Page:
kashmiri wedding customs

Kashmiri Hindu Brahmin(Ritual & Customs)
 
The Brahmins of Kashmir are some common surnames: Kaul, Raina, Matoo, Tikoo, Dha

Keywords Gota:. Bhandawar: , Badia:, Shagun:,Mehenzeraat: , Phoolan ka gehna: Devgun: , Sanzvaru: , Seherabandi: , BaraatLagan:Posh Puja,Bidaai,Dahi bhaat,Garasun:

Gota: The making of thin flakes of pistachios, almonds and betel nuts Bhandawar: “Announcement of the wedding”
To announce that a wedding is going to take place in the family, mango leaves are strung on a strong cotton string and hung at the entrance of the home. This string of mango leaves is known as the “bhandawar”. Multani Mitti or white clay soaked in water and mixed with different colours, is used to paint floral designs called “krool” on the entrance wall to mark the auspicious occasion.
Badia Ceremony:”Acceptance of the alliance between both the families” Badias’ are small, sun-dried salted cakes with holes in the center. These are made out of’urad dal’ (lentil) flour, mustard seed oil and spices like coriander, ‘jaivitri’, ‘saunf’ (aniseed), nutmeg etc. Silver coins are placed in the holes of these ‘badias’ and the bride’s family, as an acceptance of the wedding between the two families then sends them across to the groom’s house.Shagun: “Delicacy fed to all the guests “For the Shagun ceremony the Vaza or cook, prepares a porridge made from rice and finely chopped intestines of the goat. This special delicacy is fed to all the guests and relatives. During the ‘Shagun’, ‘badias’ are cooked once again. The lady who prepares the dough for the ‘badias’ has a special task – in a terracotta dish she places the rice, ‘badias’, salt and money and holds this on her shoulder while she kneads the dough for the ‘badias’. This spread of rice, ‘badias’, salt and money is known as the “ZUNG”. The Zung is then given away to the poor and needy as a gesture of goodwill.Mehenzeraat: “Beautification of the bride or the henna ceremony “The ceremony of applying henna on the bride and the groom is always performed in the night. In earlier times the henna was applied only on the palms and the nails of the bride, with a mere blob dabbed on the feet. These days however, intricate patterns are created by professional ‘mehendiwallis’ all over the palms, forearms and on the feet right up to the ankles. The feast after the henna ceremony is a gala and grand dinner with several dishes made of sheep or goat meat. The Kashmiris consider chicken meat as taboo. No meat other than that of a goat or a sheep is served.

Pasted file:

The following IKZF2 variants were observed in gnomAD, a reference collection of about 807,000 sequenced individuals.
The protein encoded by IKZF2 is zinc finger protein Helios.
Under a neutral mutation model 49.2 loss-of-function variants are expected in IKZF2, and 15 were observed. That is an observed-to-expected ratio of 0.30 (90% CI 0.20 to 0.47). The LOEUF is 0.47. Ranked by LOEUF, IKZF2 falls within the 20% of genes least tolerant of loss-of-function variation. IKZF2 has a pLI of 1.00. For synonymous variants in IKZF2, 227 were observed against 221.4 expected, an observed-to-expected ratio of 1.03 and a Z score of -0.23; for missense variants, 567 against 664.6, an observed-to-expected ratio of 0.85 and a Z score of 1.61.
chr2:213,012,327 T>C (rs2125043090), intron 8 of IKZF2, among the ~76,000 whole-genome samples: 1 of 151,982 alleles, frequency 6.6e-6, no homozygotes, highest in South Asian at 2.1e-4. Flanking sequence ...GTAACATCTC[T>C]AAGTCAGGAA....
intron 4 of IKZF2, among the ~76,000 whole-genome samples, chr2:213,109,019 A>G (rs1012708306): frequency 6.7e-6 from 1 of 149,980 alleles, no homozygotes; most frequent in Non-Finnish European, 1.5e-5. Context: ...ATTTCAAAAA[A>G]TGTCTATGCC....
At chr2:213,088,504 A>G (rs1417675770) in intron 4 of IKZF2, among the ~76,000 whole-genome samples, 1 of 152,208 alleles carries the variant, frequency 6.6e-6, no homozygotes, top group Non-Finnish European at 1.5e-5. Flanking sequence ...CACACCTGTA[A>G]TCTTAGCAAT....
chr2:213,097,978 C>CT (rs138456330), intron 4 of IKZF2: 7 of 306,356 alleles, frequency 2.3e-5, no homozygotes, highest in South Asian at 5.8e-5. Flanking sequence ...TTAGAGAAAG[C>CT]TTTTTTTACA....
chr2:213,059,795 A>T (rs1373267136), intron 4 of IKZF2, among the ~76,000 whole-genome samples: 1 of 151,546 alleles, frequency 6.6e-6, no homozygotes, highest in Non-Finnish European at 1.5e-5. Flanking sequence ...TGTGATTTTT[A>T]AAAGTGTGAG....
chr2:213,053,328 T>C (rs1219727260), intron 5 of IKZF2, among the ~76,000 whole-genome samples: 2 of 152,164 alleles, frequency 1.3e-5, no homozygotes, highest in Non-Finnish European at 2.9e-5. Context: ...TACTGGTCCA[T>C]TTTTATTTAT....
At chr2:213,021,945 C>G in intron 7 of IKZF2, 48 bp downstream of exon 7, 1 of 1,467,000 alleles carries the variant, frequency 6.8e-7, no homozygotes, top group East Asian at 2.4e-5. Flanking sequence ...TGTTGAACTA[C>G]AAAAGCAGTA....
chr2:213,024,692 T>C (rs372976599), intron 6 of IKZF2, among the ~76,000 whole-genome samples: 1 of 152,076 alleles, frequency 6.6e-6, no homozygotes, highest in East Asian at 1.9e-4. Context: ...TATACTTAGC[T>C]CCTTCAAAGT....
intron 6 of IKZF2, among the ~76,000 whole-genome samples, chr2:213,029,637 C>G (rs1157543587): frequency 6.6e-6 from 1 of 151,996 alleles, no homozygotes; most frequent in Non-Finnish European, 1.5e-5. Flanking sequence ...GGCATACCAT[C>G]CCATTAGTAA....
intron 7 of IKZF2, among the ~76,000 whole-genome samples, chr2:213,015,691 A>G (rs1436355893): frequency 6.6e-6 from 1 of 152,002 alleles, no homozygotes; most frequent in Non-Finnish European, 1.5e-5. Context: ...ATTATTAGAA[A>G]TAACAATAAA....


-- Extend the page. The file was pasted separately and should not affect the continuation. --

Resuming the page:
Phoolon ka gehn: “The bride is decorated with jewellery made from flowers.”The first formal acceptance of the confirmation of the wedding is sent from the groom’s family to the bride’s home in the form of jewellery made entirely from flowers. Fresh red roses and jasmine flowers are used to create necklaces, earrings, the ‘tikka’, braids for the bride’s hair, anklets, waist bands, also known as “tagadis”, arm bands or “bazubands”, and a special thumb ring called ‘arsi”. The “arsi” has a small mirror embedded in it to enablethe bride to look at herself.Devgun: “Ritual baths for the bride and groom”